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TENS: Is it effective in reducing spasticity in Multiple Sclerosis? . The Ayrshire Multiple Sclerosis Service. Caledonian University, Glasgow. The Multiple Sclerosis Society. Linda Miller Senior Physiotherapist. TENS.
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TENS: Is it effective in reducing spasticity in Multiple Sclerosis? The Ayrshire Multiple Sclerosis Service. Caledonian University, Glasgow. The Multiple Sclerosis Society. Linda Miller Senior Physiotherapist
TENS • Transcutaneuos Electrical Nerve Stimulation: Electrical stimulation of low intensity, high frequency with short pulse widths selectively stimulates large diameter (Group II), mechanosensative surface nerve endings. • Mechanisms of action: segmental inhibition, release of endogenous opiods, physiological blocking, placebo.
Spasticity & TENS • Evidence of change in neurophysiological measures post TENS. • Reduction in spasticity in stroke & SCI. • Limited research in MS. • Clinical experience of reduction in spasm.
Aims of the study • To determine whether TENS was effective in reducing spasticity in Multiple Sclerosis. • To determine whether TENS was effective for muscle spasm or pain associated with spasticity. • To determine whether application time has an impact on the overall effectiveness of TENS. • To establish protocols for future studies
Study Design • 32 patients from Ayrshire MS service. • Repeated crossover design. Subjects randomly assigned 2 groups • All subjects used TENS for 2 weeks, 60 min per day and for 2 weeks, 8 hrs per day. • Single blind (assessor). • TENS 100Hz, 0.125ms, continuous pulse over quadriceps muscle.
Outcome Measures • Demographic data • Global Spasticity Score(Ash+PTR+ Clonus) • Modified Penne Spasm Score • Visual Analogue Score • Compliance diary • Questionnaire
Data Analysis • A 2 sample T - test was used to check the comparability of the demographic & baseline variables of the 2 groups (Mann-Whitney:not normal). • A 3-factor ANOVA(GSS) used to establish that there was no difference between 2 groups. • A paired Wilcoxin was performed on the before & after data (GSS,PSS,VAS) from both groups for 60 min & 8 hrs.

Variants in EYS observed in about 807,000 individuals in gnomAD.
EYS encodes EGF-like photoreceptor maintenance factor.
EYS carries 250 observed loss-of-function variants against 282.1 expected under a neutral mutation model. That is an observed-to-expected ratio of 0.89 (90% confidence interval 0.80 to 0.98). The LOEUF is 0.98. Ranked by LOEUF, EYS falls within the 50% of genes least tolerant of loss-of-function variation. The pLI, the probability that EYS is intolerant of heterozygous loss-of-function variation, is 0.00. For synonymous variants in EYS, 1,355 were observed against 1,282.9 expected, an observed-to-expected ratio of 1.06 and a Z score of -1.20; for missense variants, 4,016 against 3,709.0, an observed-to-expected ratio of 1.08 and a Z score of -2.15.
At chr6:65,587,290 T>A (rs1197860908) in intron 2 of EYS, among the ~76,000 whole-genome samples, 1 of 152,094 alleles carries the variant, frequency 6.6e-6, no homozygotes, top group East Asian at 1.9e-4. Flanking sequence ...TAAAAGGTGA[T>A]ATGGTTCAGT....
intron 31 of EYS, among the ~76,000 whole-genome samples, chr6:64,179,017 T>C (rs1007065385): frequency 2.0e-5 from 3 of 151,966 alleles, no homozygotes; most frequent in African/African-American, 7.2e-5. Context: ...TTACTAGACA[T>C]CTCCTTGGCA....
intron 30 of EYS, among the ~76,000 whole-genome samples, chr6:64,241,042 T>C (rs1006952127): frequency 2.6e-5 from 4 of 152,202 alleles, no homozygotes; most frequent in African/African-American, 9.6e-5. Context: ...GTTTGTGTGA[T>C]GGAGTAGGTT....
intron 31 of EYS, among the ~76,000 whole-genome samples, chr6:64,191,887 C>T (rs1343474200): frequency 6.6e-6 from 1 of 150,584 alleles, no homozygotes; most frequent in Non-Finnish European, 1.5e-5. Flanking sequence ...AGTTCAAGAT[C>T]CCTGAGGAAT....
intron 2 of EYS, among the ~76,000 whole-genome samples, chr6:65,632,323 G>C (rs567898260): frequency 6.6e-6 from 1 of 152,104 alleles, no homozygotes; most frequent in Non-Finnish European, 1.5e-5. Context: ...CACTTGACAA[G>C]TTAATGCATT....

Results 1 • No significant difference between the 2 groups for baseline & demographic data • No sig diff between the groups (p=0.765) • No sig diff in the GSS following TENS (60 min & 8hrs) and in the PSS & VAS following TENS (60 min)
Results 2: However! • Mean scores reduced post TENS, with scores reducing following 8hrs >60min TENS. • Significant reduction in PSS & VAS following TENS (8hrs) p0.05. • Wide variability in all scores : more subjects with scores reduced after 8hrs:60min TENS.
Questionnaire Results • The majority of subjects felt TENS had reduced symptoms (88% for spasm). • 72% reported benefits lasting lasting 2-3 days after stopping TENS. • 81% indicated they would continue to use TENS. Most preferred to use <8 hrs • Long term follow up TENS(9 - 21mths) 56% still using.
Conclusion • No statistically significant reductions in spasticity although the majority of subjects demonstrated clinically significant reductions. • TENS is most effective for spasm & pain associated with spasticity. • TENS is more effective when used for longer applications. • TENS is well tolerated and easy to use.
Future ImplicationsThe potential for symptom reduction, combined with reduced medication-related complications and costs makes TENS a treatment worth considering in the overall management of people with mild to moderate spasticity in Multiple Sclerosis.